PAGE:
Chelsea Green Publishing

Chelsea Green Blog

The Wall Street Journal Profiles the Slow Money Movement

Today’s Wall Street Journal profiles author Woody Tasch and the Slow Money movement he helped grow. The Slow Money philosophy states that, with billions of dollars zipping around the globe in the form of opaque packaged derivatives and other fantastical Wall Street inventions, money has gotten too fast. Greed has created a system that rewards lunatic speculation and raises profit in importance above all else. That, in a nutshell, is why the economy crashed.

To restore people’s connection to their community, their food, and the soil, Slow Money seeks to find new ways to connect responsible investors to small farmers. The returns on such local investments won’t be huge, but neither will it lead to another house of cards scenario where businesses get too big to fail and profits are based on… well, nothing at all. Slow money gives value to what’s important.

From Stephanie Simon’s article:

A former venture capitalist, Mr. Tasch now travels the country warning that money moves too fast. Billions zip through global markets each day, bundled into financial packages so complex that it is hard to know what you own.

His antidote: A fundamental shift in our attitude toward investing. Taking a page from the Slow Food movement, which calls on consumers to take the time to savor home-cooked meals, Mr. Tasch dubbed his philosophy Slow Money.

[…]

They like the Slow Money concept but worry that it may be more cumbersome than a traditional bank loan. Specifically, they fear deep-pocketed local investors will demand a say in management decisions. Equally perilous: small-sum investors swamping the Lobaughs with requests for tours and samples, and interminable inquiries about the goats.

“We’re still weighing out” whether it’s worth the trouble, Ed Lobaugh said.

The Slow Money movement aims to address these concerns by creating regional funds to broker interaction between investors and farmers. Such funds exist in many communities for investment in affordable housing and mom-and-pop entrepreneurs. Just a few have cropped up to invest in local farms, such as the Carrot Project in New England.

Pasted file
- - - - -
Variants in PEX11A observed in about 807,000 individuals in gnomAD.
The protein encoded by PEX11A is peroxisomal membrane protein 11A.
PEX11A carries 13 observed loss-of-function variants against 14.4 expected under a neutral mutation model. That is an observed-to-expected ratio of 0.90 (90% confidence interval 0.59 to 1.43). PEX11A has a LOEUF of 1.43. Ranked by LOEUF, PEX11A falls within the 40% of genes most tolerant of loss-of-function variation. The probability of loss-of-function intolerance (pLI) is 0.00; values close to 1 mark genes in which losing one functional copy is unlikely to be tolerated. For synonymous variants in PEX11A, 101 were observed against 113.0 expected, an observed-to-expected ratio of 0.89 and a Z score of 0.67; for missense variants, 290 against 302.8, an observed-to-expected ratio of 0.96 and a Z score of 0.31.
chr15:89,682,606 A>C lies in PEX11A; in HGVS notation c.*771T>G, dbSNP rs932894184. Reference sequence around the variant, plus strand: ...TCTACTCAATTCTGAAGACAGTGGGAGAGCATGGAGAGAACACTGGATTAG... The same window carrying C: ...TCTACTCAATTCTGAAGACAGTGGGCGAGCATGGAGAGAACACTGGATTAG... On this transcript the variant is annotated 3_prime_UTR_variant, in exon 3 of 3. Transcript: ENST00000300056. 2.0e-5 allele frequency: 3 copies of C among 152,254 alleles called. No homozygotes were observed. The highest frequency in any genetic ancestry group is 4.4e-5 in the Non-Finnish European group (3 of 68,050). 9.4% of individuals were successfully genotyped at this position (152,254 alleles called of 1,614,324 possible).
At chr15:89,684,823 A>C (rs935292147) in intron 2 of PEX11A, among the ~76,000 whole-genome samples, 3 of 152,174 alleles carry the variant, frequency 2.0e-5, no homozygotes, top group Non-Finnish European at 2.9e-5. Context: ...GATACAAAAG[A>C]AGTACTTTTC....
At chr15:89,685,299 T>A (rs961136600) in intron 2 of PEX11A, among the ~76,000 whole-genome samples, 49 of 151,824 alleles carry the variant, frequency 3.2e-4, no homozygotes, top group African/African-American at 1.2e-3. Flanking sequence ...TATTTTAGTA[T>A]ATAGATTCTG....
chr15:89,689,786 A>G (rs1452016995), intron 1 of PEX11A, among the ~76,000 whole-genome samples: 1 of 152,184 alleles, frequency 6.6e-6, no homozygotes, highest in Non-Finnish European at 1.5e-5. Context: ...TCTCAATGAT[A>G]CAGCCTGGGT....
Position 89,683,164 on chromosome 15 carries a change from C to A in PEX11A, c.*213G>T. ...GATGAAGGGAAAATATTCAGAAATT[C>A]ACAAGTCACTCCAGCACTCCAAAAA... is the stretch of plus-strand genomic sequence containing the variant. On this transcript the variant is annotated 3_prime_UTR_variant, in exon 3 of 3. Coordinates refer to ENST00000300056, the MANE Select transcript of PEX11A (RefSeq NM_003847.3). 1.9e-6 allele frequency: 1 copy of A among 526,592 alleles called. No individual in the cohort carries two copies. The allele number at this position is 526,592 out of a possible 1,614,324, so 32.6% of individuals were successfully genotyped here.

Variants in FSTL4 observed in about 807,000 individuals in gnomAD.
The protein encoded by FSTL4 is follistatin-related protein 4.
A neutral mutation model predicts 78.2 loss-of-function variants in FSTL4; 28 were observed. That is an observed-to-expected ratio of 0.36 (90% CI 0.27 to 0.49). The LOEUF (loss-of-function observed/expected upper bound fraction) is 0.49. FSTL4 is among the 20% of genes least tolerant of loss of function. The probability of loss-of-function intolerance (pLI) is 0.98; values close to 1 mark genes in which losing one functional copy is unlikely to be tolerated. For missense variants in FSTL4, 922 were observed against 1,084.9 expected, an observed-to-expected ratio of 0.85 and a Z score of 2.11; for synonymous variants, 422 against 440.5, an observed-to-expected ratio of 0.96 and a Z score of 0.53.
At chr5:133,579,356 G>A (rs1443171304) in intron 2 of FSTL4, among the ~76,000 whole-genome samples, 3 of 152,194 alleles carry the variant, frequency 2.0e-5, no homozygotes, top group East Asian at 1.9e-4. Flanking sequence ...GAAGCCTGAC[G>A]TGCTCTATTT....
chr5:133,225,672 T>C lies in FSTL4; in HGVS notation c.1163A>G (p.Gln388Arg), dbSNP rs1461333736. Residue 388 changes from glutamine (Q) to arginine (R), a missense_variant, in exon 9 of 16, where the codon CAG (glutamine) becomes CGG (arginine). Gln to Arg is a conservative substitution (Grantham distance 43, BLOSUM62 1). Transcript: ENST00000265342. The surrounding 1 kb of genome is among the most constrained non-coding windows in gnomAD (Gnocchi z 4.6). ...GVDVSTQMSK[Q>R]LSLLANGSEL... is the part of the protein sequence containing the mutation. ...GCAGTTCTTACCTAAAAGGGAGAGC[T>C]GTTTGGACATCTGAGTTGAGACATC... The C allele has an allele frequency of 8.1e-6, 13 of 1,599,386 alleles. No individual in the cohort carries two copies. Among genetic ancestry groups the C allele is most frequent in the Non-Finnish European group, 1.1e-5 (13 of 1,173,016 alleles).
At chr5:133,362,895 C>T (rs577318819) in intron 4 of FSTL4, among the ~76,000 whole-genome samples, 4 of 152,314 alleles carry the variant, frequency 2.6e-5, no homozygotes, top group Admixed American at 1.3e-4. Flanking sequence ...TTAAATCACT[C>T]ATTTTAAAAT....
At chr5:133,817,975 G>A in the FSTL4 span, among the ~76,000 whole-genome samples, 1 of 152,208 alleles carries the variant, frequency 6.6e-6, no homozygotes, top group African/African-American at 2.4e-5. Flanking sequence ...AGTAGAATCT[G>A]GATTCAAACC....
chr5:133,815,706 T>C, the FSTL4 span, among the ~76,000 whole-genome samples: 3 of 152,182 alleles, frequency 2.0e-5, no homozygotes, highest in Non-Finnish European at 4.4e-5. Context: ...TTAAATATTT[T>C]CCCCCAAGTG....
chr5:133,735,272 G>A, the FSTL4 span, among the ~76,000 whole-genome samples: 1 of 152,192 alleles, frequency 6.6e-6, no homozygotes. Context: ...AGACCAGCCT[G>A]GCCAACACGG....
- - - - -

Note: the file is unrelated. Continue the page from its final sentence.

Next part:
Mr. Tasch has spent years in the field of socially responsible investing, managing foundation funds and distributing tens of millions in venture capital. He came to the Slow Money philosophy several years ago, he said, but it all crystallized for him after the financial crash of last fall. The author of the recent book, “Inquiries into the Nature of Slow Money,” he has posted a statement of his principles online and hopes to get a million people to endorse them.

“We must bring money back down to earth,” he says. He knows it won’t be easy, he says. But Slow Money is nothing if not patient.

Read the whole article here.

Related Articles:


Chelsea Green Weekly for May 5, 2017

Ever wonder what your favorite Chelsea Green authors do between writing groundbreaking–both literally and figuratively–books? Here are the best links and resources for your weekend reading pleasure. Let’s start with The Alzheimer’s Antidote. The Alzheimer’s Antidote Amy Berger has been making the rounds on the health, wellness, and fitness circuit, explaining the theories behind her revolutionary […] Read More

Q&A with Kate Raworth about her radical new book, DOUGHNUT ECONOMICS

Q: First things first: Why did you want to write this book? A: I studied economics at university 25 years ago because I wanted to make a difference in the world and believed that economics – the mother tongue of public policy – would best equip me to do that. Instead, its theories left me […] Read More

Chelsea Green: In the Media 2016

Oh, 2016. Where did the time go? Each year, Chelsea Green receives hundreds of mentions (well over 1000 in 2016) in the media both big and small. From interviews, to excerpts, to opinion pieces by authors we’re always working to make sure that the mission and message of each book is spread far and wide. […] Read More

Slack and Taut: Defining a System’s Resilience

A resilient future (or a resilient present, for that matter) needs to be slack, not taut. What do we mean? Core to the concept of a Lean Economy is understanding the need to move toward a “slack” market rather than one that is “taut.” When British economist David Fleming died unexpectedly in 2010, he left […] Read More

Prehistory of the Next American Revolution

What now? A new Revolution? If we are to counter the dangers both of corporate domination and of traditional forms of socialist statism, decentralization is essential—both of economic institutions and of political structure. We are at a point in our nation’s history that could, decades from now, be taught as the prehistory of the next […] Read More
+1
Tweet
Share
Share
Pin